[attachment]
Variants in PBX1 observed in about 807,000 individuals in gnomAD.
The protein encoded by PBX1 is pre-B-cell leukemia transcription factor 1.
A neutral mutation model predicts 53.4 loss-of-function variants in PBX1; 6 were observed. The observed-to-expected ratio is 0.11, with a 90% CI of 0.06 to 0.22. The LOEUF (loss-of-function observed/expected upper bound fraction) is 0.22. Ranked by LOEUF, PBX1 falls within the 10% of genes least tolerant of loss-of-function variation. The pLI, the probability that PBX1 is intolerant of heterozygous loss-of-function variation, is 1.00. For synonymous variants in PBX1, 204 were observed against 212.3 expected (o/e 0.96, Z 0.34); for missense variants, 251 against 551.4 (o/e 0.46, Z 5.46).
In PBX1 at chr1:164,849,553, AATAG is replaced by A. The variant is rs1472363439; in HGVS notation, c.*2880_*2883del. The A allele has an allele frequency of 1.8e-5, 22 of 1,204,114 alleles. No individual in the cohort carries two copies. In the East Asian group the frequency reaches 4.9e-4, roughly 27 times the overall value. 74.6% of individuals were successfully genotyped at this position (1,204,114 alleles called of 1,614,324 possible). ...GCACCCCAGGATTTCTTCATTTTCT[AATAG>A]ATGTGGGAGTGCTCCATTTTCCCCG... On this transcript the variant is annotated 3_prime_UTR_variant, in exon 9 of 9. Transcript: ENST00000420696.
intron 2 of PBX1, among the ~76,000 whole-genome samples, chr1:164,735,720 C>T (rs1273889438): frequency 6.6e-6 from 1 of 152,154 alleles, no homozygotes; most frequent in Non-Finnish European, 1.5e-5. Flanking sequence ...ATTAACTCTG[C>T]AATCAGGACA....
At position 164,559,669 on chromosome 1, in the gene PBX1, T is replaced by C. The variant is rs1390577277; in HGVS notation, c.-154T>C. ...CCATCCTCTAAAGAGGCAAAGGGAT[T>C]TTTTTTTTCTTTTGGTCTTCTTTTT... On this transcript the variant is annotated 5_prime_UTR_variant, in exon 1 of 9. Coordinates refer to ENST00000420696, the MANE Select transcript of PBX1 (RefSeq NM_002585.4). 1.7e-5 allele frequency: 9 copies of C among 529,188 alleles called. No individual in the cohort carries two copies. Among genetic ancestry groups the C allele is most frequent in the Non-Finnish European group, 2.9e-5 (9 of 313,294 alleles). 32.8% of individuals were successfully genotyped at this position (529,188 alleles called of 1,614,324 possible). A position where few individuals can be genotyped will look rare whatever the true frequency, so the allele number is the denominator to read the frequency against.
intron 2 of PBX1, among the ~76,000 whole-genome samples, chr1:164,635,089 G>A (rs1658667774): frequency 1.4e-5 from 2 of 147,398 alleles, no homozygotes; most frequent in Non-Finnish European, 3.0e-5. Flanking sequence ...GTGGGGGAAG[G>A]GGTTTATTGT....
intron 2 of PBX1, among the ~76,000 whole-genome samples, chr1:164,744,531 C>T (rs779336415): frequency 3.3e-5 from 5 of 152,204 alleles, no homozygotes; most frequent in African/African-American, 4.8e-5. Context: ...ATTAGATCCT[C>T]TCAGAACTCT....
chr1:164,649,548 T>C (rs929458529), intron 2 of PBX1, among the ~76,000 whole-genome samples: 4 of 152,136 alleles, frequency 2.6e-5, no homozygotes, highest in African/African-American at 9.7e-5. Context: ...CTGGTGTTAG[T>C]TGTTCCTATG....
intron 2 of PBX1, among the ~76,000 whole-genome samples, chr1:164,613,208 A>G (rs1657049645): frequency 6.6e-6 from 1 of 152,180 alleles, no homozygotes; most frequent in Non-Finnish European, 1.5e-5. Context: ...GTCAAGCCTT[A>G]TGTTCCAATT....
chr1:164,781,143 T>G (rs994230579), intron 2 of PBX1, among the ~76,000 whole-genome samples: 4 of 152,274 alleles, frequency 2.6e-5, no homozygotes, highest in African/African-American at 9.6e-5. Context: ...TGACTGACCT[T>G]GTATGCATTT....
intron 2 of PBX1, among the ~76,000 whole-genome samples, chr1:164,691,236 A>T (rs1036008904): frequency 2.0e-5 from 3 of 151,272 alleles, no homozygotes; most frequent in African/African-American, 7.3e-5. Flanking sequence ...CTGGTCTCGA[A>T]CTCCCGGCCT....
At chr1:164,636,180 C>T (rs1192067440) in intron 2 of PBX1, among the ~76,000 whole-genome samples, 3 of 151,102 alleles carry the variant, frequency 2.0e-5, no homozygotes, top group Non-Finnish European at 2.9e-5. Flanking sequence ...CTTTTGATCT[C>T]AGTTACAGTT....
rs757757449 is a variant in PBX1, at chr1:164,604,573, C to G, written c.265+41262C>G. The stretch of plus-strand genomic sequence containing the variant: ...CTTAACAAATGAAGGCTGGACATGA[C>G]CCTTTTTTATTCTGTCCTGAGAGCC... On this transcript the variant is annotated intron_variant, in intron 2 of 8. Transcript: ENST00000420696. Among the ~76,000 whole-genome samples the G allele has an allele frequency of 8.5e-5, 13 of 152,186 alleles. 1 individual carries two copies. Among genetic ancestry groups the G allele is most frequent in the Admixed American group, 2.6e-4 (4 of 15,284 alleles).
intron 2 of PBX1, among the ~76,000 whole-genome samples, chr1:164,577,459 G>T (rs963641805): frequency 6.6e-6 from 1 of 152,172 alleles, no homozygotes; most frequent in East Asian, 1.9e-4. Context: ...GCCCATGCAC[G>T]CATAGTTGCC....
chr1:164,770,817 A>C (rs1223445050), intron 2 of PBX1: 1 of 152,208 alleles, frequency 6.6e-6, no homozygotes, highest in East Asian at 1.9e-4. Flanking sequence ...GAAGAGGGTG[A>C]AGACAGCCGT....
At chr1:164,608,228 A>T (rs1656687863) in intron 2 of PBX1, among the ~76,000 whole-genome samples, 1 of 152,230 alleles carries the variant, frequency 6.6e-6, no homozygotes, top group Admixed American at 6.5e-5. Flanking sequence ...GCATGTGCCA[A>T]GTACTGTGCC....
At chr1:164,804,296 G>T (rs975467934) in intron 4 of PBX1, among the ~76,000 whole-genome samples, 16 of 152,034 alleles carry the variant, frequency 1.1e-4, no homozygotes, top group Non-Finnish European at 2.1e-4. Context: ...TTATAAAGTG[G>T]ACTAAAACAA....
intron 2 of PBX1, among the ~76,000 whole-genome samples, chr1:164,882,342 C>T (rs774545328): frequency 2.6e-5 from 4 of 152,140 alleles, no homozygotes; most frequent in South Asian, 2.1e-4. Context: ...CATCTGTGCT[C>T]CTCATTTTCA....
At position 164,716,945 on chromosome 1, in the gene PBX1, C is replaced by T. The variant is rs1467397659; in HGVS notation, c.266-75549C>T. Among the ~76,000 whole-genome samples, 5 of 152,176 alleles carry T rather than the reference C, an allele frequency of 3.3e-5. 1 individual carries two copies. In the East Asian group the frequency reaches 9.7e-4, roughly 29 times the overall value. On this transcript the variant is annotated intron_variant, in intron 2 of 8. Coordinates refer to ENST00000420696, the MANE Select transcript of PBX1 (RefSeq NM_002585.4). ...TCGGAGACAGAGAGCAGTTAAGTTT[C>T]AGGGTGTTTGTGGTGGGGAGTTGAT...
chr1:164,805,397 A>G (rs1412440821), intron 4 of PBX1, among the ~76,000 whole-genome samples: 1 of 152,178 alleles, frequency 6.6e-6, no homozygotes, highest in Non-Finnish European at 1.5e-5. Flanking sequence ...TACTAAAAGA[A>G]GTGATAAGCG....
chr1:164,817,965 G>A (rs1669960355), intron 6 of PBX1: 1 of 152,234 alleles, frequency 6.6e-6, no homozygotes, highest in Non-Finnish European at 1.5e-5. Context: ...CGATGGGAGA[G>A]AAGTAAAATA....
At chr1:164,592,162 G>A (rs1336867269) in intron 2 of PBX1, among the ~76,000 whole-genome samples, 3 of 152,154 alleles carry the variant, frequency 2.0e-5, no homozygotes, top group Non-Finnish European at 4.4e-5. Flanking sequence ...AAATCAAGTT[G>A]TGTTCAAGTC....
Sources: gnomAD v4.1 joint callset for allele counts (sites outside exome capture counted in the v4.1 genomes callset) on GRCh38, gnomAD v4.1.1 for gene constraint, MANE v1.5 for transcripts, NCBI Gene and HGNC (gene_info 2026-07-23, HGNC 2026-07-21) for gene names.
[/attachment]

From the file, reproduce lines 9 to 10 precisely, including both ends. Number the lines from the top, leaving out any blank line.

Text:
chr1:164,649,548 T>C (rs929458529), intron 2 of PBX1, among the ~76,000 whole-genome samples: 4 of 152,136 alleles, frequency 2.6e-5, no homozygotes, highest in African/African-American at 9.7e-5. Context: ...CTGGTGTTAG[T>C]TGTTCCTATG....
intron 2 of PBX1, among the ~76,000 whole-genome samples, chr1:164,613,208 A>G (rs1657049645): frequency 6.6e-6 from 1 of 152,180 alleles, no homozygotes; most frequent in Non-Finnish European, 1.5e-5. Context: ...GTCAAGCCTT[A>G]TGTTCCAATT....